However, “economic pain” doesn’t come from townships.

    Below are Grafton township’s two tax rates for 2017.
    GRAFTON TWP RD&BR: 0.06%
    Total: 0.13%

    Multiply the bottom figure by your net (after exemptions) assessment and you’ll see what Grafton costs.
    For every $1,000 of net assessed value, it’s $1.30.

    A $1 million (market value) property with General Homestead ($6,000) and Senior ($5,000) exemptions pays only $429 because of Grafton.

    School rates will vary based on location but here’s an example for Lakewood.
    SCHOOL DIST 47: 4.37%
    SCHOOL DIST 155: 2.83%
    Total: 8.92%

    That same $1M property pays $29,406 to these entities.

    $29K versus $400 clearly indicates the true source of the problem.

  3. Al? You’re missing the whole point. I don’t hink anyone is trying to pin all their woes on townships. The point here is that government is crooked. This is just one tiny slice of the pie that has no business stealing. Start with the small local crooks and drain your own swamp?

  4. Mccog is a social club, a way for elected officials to get a free dinner on taxpayers dime and make themselves feel important.

  5. Thanks Cal, good article and memory.

    Hopefully the Grafton Township revelations will be used in Algonquin Township to clean up the road district.

    Bob Miller was very close with Jack Freund, I am sure they were sharing notes on all of this.

  6. In four years, I’ve yet to see anything at Grafton that qualifies as “crooked.”

    Cutting the assessor’s budget past the bone and not paying valid department expenses, yes.

    Crooked, no.

  7. The problem here, Cal, is that after the “ruling” was revealed, IRS officials initially refused to discuss it.

    Then, days later, according to the attorney for then-Grafton Assessor Bill Ottley, the agency repudiated it.

    Certainly, it was never enforced at Grafton at the time, nor anywhere else, since.

  8. Although no one was charged with criminal activity, there were many changes in how the township operated going forward.

  9. “No one was charged with criminal activity” at Grafton because, (generally) IRS does not consider the value of uniforms, truck use, business lunches and spousal health insurance contributions to be income.

    Any “changes in how the township operated” after the IRS fiasco, if there were any, were more likely related to the fact that, at that point, every elected Grafton official was suing at least one fellow official and the Township’s reserves were vanishing faster than a pile of burning cobs.

  10. At least the Grafton stuff kept your “newspaper” in business. You quickly became pointless and quit!

  11. Seven years working like a dog and living like a monk wasn’t quick, believe me.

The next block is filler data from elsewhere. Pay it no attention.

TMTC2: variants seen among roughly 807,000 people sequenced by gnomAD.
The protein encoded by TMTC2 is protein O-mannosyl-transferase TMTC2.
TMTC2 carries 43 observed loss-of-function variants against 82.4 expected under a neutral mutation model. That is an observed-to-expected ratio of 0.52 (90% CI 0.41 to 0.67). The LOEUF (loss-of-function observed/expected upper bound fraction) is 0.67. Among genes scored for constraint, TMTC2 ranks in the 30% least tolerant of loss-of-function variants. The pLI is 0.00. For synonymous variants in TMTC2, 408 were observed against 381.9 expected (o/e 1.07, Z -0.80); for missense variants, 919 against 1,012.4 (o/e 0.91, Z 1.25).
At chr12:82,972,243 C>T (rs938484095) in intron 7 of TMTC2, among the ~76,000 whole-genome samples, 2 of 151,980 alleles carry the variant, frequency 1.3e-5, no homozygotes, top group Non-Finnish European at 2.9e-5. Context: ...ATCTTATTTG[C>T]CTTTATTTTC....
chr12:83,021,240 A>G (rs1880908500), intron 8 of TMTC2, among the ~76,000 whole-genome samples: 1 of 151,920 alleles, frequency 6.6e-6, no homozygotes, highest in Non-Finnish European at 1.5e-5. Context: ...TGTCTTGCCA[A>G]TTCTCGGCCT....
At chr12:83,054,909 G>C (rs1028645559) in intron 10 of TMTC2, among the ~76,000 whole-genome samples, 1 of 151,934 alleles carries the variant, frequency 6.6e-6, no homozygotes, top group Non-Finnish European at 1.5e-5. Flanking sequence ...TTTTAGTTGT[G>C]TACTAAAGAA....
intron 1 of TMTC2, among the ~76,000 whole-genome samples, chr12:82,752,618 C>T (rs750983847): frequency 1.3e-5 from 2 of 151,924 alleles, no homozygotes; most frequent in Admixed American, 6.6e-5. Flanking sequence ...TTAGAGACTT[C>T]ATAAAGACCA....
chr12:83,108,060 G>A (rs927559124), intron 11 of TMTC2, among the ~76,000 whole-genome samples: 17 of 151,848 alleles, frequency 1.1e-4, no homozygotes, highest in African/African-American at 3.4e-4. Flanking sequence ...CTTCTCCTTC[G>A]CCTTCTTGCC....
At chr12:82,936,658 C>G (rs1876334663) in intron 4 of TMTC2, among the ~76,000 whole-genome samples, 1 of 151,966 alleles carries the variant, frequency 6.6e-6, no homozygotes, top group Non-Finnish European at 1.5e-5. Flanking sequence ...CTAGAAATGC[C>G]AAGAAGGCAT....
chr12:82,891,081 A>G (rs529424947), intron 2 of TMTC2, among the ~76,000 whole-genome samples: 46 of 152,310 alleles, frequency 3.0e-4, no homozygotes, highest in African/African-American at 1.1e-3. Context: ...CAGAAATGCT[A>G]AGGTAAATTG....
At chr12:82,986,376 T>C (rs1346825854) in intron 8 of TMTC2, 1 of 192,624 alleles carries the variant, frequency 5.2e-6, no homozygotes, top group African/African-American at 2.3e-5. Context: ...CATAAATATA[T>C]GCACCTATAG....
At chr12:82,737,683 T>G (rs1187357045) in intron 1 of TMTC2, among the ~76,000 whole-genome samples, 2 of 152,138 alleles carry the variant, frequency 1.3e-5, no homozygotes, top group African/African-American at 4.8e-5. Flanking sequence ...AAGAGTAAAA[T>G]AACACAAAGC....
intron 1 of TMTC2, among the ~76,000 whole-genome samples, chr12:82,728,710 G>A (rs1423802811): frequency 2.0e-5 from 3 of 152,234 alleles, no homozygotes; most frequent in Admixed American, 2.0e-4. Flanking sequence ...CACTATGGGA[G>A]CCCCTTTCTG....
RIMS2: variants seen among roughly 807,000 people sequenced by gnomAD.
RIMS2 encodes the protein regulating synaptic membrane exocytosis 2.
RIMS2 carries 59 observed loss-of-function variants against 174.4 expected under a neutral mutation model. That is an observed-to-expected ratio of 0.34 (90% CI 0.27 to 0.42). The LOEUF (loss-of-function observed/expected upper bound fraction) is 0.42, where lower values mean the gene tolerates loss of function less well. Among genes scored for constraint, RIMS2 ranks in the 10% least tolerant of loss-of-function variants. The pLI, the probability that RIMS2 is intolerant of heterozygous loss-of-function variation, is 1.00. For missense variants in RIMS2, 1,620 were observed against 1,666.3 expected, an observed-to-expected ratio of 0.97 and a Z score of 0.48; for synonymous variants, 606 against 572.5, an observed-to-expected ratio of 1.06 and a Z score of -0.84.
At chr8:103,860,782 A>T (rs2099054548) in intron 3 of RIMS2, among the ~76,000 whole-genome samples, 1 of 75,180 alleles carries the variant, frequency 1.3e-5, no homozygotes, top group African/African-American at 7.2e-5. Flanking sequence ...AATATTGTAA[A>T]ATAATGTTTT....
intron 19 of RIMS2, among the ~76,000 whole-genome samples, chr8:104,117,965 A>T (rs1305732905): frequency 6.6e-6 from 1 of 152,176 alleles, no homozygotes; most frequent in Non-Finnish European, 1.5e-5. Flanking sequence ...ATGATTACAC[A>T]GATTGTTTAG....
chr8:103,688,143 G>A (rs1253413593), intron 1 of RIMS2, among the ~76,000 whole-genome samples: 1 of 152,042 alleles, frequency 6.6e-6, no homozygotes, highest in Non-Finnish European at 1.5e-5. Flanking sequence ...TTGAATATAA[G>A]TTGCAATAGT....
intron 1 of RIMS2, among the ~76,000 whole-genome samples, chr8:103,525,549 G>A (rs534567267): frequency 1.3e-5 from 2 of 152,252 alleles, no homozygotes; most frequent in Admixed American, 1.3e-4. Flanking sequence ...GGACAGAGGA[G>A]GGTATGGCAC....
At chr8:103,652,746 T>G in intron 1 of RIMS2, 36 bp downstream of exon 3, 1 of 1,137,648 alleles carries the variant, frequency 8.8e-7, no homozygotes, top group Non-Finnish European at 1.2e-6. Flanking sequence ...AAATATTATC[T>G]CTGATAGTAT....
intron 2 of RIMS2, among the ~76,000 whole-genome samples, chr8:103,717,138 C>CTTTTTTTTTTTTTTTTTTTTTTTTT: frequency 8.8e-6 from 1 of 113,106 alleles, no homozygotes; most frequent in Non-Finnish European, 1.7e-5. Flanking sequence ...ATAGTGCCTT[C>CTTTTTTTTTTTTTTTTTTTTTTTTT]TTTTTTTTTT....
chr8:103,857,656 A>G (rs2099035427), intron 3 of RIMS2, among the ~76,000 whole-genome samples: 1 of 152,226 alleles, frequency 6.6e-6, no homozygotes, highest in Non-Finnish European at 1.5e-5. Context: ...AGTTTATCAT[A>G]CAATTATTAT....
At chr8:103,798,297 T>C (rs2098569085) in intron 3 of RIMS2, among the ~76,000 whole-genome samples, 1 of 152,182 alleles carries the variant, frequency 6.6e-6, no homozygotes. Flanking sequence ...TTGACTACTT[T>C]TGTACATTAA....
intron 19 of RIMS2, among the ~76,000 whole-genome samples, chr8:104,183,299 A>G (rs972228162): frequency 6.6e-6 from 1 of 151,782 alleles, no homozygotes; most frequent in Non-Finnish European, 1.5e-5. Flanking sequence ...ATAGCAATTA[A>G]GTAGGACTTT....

Fringe Benefit Overview

    A fringe benefit is a form of pay for the performance of services. For example, you provide an employee with a fringe benefit when you allow the employee to use a business vehicle to commute to and from work.

    Performance of services. A person who performs services for you doesn’t have to be your employee. A person may perform services for you as an independent contractor, partner, or director. Also, for fringe benefit purposes, treat a person who agrees not to perform services (such as under a covenant not to compete) as performing services.

    Provider of benefit. You’re the provider of a fringe benefit if it is provided for services performed for you. You’re considered the provider of a fringe benefit even if a third party, such as your client or customer, provides the benefit to your employee for services the employee performs for you. For example, if, in exchange for goods or services, your customer provides day care services as a fringe benefit to your employees for services they provide for you as their employer, then you’re the provider of this fringe benefit even though the customer is actually providing the day care.

    Recipient of benefit. The person who performs services for you is considered the recipient of a fringe benefit provided for those services. That person may be considered the recipient even if the benefit is provided to someone who didn’t perform services for you. For example, your employee may be the recipient of a fringe benefit you provide to a member of the employee’s family.

    Are Fringe Benefits Taxable?

    Any fringe benefit you provide is taxable and must be included in the recipient’s pay unless the law specifically excludes it. Section 2 discusses the exclusions that apply to certain fringe benefits. Any benefit not excluded under the rules discussed in section 2 is taxable.
    Including taxable benefits in pay. You must include in a recipient’s pay the amount by which the value of a fringe benefit is more than the sum of the following amounts.

    Any amount the law excludes from pay.

    Any amount the recipient paid for the benefit.

    The rules used to determine the value of a fringe benefit are discussed in section 3.

    If the recipient of a taxable fringe benefit is your employee, the benefit is subject to employment taxes and must be reported on Form W-2, Wage and Tax Statement. However, you can use special rules to withhold, deposit, and report the employment taxes. These rules are discussed in section 4.

    If the recipient of a taxable fringe benefit isn’t your employee, the benefit isn’t subject to employment taxes. However, you may have to report the benefit on one of the following information returns.

    If the recipient
    receives the benefit as: Use:

    An independent contractor Form 1099-MISC, Miscellaneous Income

    A partner Schedule K-1 (Form 1065), Partner’s Share of Income, Deductions, Credits, etc.

    For more information, see the instructions for the forms listed above.